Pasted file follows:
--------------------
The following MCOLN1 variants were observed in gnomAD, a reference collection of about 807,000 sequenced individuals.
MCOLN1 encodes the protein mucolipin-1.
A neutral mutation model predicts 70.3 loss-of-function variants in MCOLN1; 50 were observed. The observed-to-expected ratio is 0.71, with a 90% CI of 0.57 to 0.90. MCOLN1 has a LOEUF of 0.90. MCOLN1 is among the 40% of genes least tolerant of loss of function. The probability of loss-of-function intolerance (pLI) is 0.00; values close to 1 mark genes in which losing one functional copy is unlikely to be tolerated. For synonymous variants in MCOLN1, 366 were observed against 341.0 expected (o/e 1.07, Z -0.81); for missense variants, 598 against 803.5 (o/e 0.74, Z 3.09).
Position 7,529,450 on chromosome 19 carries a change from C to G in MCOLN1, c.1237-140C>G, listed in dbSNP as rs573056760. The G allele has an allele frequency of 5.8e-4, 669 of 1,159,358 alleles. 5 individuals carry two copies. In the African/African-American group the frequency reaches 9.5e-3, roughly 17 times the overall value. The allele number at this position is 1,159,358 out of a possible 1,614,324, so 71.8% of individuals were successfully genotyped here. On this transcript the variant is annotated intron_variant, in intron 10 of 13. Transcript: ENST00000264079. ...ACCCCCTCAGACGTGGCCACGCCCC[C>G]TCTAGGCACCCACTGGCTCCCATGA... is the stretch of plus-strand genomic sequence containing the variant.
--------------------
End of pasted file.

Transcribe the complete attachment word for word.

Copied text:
The following MCOLN1 variants were observed in gnomAD, a reference collection of about 807,000 sequenced individuals.
MCOLN1 encodes the protein mucolipin-1.
A neutral mutation model predicts 70.3 loss-of-function variants in MCOLN1; 50 were observed. The observed-to-expected ratio is 0.71, with a 90% CI of 0.57 to 0.90. MCOLN1 has a LOEUF of 0.90. MCOLN1 is among the 40% of genes least tolerant of loss of function. The probability of loss-of-function intolerance (pLI) is 0.00; values close to 1 mark genes in which losing one functional copy is unlikely to be tolerated. For synonymous variants in MCOLN1, 366 were observed against 341.0 expected (o/e 1.07, Z -0.81); for missense variants, 598 against 803.5 (o/e 0.74, Z 3.09).
Position 7,529,450 on chromosome 19 carries a change from C to G in MCOLN1, c.1237-140C>G, listed in dbSNP as rs573056760. The G allele has an allele frequency of 5.8e-4, 669 of 1,159,358 alleles. 5 individuals carry two copies. In the African/African-American group the frequency reaches 9.5e-3, roughly 17 times the overall value. The allele number at this position is 1,159,358 out of a possible 1,614,324, so 71.8% of individuals were successfully genotyped here. On this transcript the variant is annotated intron_variant, in intron 10 of 13. Transcript: ENST00000264079. ...ACCCCCTCAGACGTGGCCACGCCCC[C>G]TCTAGGCACCCACTGGCTCCCATGA... is the stretch of plus-strand genomic sequence containing the variant.